You can see the source code for the main script over here, highlighted and looking pretty. Once it has your birthday, it goes over to On This Day and takes the events they have so wonderfully made available for us. It then parses the correct html and makes it available similar to the way shown in the comic. However, the script has to go through about forty different pages looking for events that mach the date correctly, so it takes a lot of bandwidth.

That is why I emailed the owners of On This Day, and asked permission to leave it up and make available for everyone else. To my utter delight, they replied and said it was perfectly fine as long as I put a link to their website on it. Here’s the proof.

I hope you guys enjoy messing with my new toy, I know it was a lot of fun making it. I also know it’s been a little while since I posted anything worthwhile, but I do have other project ideas percolating in my head, one of which I have already started on.  Until then, I wish you all a good morning.

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Interesting Recent Doings

Hey guys, sorry it has taken me so long to make another post or update anything, but its getting close to the end of the school year so I have been fairly busy. Anyways, I figured I needed to give you guys some info on what I’ve been doing lately, or some of the stuff that I have been involved in.

Recently (for a while actually), I have been working with a company called ‘Kanyon‘, and they do (mostly) java software development. I found them through their (java) autotyper, and we hit it off. The java autotyper isn’t open source, but it is free  and it has an almost completely different feature set from my autotyper. We are also working three other projects at Kanyon. If just for the autotyper that can run on any pc with java, you should go check them out.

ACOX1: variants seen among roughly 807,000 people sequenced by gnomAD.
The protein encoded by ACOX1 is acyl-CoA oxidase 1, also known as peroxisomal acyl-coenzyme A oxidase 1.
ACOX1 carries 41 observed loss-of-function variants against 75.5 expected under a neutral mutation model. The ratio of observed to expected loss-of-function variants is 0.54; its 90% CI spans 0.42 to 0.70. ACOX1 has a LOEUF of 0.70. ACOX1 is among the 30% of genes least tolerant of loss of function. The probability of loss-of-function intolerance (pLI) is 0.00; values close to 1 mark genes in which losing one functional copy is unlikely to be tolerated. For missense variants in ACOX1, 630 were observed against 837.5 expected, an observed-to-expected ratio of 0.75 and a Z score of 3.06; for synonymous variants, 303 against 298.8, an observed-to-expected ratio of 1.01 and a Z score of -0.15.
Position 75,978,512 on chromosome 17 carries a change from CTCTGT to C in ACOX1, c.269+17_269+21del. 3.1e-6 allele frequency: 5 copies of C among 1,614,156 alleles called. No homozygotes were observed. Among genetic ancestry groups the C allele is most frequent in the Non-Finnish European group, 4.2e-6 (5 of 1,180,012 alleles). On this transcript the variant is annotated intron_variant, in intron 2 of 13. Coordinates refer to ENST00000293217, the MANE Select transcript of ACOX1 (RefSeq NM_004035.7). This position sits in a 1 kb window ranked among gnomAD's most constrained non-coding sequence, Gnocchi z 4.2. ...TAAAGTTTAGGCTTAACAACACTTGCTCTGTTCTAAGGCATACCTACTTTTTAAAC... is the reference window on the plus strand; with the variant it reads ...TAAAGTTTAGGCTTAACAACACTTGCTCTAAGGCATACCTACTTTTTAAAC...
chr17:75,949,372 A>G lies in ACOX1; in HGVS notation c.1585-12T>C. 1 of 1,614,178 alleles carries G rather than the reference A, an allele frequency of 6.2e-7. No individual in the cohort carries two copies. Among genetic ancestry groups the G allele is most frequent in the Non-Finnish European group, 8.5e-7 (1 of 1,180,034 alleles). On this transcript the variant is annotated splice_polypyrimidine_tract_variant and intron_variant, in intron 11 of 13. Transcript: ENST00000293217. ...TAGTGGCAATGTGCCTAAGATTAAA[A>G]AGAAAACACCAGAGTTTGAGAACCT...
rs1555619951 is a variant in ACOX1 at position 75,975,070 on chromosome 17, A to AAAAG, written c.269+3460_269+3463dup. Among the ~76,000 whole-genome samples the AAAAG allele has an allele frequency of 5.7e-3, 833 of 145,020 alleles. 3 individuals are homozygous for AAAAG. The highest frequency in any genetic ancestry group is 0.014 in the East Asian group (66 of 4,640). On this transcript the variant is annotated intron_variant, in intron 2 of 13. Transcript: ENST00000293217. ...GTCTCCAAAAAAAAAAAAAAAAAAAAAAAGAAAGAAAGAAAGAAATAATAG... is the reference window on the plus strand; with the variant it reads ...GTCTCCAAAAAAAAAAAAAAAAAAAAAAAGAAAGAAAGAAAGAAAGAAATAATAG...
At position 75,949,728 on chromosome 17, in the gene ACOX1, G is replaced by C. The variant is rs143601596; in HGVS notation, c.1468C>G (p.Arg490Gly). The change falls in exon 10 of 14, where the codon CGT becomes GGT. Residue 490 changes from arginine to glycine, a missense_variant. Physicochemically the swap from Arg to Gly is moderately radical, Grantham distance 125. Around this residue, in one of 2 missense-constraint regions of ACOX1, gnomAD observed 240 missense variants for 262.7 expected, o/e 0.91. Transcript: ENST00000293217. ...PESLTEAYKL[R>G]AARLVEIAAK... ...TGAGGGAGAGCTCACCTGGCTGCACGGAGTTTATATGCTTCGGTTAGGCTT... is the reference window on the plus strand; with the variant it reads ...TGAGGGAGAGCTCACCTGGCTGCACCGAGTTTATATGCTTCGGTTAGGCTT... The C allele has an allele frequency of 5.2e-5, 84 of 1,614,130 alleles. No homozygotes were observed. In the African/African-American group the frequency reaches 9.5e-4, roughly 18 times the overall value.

I have also been working on a project with another guy online (we started it ourselves) called IntrepidZ. Basically it is a Open Source zombie survival game based on the project OctaForge. We have been getting our story for it all set up and have been working on some basic map work for it. If you are any sort of game designer (mapping, graphics design, audiophile, etc) then we would love to have you.

So that’s it. go check out Kanyon and see what you think of the autotyper, and if you can come and help us out with IntrepidZ.

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WordPress Update

Today, I decided to update to the newest WordPress installation. Thank goodness for backups.

Basically, I clicked “Update Now”, and it didn’t work. I had to download the new installation of WordPress, and restore all my changed settings, and do the backup. That’s why my site was down for the most part of an afternoon.

I also was notified about my not having proper instructions on setting up my Linux autotyper. Oops! I will have that fixed fairly soon. Until then, go backup your site! 🙂

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Extensions Every Chrome User Should Have

I find more often than not that those who have the chrome (chromium or google chrome) browser have no idea how to even use extensions, much less see what they can do. This is upsetting because i cant stand when people want it to ‘just work’ and are content when its not.

Anyways, I have compiled a list of extensions that every chrome user needs, or should definitely have.

First off, is Chrome Ad Block. Ever been to a site that has great content, but has so many ads that it kills whatever is there? This nifty extension removes those ads, and makes it look the ad was never supposed to be there anyways. This extension, out of all the other extensions is my favorite. It doesnt download the ads, then remove them from the page, it removes them from the page and then downloads the page. for you non-techie people it means faster load times, and better all-around performance upgrade. If you get nothing else, this one is the one to get.

Next, is Vanilla Cookie Manager. I love this one because i love to hate tracking cookies. You know, the things that are used to let others see your browsing history. It works by deleting cookies off ALL the sites you haven’t allowed. This way, you don’t have cookies that are from unknown sites. If you set it to delete unwanted cookies every thirty minutes, and have the chrome ad blocker i mentioned, it keeps the super cookies in check too.

That’s it! With these extensions, you can be assured that you wont be tracked by anyone, and your browser will be all-around faster.